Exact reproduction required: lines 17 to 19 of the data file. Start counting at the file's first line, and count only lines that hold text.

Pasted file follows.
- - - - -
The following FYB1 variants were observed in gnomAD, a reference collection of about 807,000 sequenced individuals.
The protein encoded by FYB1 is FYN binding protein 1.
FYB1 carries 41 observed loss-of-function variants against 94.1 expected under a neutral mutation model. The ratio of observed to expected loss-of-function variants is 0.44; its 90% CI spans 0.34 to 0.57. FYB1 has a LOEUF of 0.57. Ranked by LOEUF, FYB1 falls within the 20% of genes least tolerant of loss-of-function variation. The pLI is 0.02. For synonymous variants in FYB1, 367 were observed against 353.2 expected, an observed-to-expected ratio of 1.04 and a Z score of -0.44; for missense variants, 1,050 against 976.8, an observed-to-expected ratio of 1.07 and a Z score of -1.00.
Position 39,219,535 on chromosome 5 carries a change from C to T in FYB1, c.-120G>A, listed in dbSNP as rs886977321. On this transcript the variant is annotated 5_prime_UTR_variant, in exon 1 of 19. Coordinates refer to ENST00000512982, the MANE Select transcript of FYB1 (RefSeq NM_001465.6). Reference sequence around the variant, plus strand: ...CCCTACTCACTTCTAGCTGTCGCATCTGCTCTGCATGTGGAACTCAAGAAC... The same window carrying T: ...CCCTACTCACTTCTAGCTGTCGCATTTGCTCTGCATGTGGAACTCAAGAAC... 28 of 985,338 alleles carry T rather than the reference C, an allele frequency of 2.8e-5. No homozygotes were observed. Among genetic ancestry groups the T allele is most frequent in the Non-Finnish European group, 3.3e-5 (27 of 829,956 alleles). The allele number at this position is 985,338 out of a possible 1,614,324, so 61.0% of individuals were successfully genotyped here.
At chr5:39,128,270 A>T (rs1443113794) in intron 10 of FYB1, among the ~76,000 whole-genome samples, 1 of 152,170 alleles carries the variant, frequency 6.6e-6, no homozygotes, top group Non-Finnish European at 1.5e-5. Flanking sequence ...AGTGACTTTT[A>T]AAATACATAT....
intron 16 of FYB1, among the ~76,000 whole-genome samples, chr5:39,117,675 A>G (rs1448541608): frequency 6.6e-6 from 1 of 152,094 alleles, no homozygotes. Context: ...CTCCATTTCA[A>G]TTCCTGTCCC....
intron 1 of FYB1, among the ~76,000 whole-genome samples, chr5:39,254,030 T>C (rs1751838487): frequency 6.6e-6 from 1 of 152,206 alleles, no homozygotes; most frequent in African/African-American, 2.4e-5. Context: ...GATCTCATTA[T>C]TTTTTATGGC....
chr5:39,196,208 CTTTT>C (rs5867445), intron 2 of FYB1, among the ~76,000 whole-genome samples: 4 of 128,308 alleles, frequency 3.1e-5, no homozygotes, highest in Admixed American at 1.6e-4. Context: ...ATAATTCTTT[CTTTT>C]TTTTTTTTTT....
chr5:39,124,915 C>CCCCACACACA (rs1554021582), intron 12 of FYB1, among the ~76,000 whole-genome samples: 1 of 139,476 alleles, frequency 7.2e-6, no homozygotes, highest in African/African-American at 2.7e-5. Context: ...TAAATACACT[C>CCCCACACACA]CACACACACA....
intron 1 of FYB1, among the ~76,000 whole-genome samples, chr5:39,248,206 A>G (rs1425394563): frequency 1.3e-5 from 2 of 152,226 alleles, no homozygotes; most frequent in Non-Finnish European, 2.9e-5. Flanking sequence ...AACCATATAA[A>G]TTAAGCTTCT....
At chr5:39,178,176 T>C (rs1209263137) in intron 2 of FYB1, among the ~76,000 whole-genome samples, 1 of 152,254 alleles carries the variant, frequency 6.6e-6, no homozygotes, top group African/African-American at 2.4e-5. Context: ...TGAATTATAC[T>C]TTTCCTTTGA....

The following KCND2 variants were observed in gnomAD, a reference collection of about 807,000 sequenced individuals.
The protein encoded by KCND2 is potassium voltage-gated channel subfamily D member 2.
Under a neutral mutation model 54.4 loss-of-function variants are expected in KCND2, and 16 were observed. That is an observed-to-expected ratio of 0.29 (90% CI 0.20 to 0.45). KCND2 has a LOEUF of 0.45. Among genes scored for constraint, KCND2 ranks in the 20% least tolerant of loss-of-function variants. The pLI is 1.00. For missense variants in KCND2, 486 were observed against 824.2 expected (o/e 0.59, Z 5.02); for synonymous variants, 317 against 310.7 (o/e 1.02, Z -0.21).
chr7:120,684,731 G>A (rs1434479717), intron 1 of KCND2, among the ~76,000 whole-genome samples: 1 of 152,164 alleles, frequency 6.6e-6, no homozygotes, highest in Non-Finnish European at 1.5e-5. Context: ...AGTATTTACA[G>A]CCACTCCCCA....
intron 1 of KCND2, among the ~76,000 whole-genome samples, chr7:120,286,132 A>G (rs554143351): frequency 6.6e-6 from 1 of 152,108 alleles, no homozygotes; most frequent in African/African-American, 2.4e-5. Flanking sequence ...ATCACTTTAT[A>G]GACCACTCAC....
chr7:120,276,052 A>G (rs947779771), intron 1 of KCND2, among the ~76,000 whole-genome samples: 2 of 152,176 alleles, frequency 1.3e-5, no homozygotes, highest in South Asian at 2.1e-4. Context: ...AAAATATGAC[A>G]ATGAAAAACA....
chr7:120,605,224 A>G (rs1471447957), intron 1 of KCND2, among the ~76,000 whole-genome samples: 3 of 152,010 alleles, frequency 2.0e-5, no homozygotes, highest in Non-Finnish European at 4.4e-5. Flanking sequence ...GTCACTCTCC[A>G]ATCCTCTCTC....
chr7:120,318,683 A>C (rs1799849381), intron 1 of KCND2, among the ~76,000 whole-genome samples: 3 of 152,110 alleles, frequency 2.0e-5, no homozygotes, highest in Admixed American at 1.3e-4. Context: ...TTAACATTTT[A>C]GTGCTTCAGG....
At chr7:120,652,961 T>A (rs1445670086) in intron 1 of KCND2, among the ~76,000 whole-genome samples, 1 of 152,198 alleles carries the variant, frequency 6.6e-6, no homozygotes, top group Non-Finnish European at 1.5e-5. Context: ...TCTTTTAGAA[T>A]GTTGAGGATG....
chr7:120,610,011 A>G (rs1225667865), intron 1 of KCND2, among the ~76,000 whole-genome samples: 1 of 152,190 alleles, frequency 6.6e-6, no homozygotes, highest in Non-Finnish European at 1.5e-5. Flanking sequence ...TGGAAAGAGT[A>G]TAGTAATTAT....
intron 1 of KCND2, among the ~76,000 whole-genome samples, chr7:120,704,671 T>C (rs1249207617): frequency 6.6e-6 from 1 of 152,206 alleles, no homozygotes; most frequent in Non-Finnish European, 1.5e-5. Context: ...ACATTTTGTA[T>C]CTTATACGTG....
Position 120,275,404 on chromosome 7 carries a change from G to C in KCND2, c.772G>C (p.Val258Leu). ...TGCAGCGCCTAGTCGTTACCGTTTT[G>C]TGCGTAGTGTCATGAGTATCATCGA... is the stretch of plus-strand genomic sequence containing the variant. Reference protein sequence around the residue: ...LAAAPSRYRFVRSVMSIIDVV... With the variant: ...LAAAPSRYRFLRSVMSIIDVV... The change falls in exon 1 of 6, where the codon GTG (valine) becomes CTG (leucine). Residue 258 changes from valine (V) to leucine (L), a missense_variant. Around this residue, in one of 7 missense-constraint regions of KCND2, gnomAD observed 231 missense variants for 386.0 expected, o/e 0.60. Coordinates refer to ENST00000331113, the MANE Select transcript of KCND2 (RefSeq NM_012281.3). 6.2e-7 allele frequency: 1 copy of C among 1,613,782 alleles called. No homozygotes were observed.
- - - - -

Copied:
chr7:120,276,052 A>G (rs947779771), intron 1 of KCND2, among the ~76,000 whole-genome samples: 2 of 152,176 alleles, frequency 1.3e-5, no homozygotes, highest in South Asian at 2.1e-4. Context: ...AAAATATGAC[A>G]ATGAAAAACA....
chr7:120,605,224 A>G (rs1471447957), intron 1 of KCND2, among the ~76,000 whole-genome samples: 3 of 152,010 alleles, frequency 2.0e-5, no homozygotes, highest in Non-Finnish European at 4.4e-5. Flanking sequence ...GTCACTCTCC[A>G]ATCCTCTCTC....
chr7:120,318,683 A>C (rs1799849381), intron 1 of KCND2, among the ~76,000 whole-genome samples: 3 of 152,110 alleles, frequency 2.0e-5, no homozygotes, highest in Admixed American at 1.3e-4. Context: ...TTAACATTTT[A>C]GTGCTTCAGG....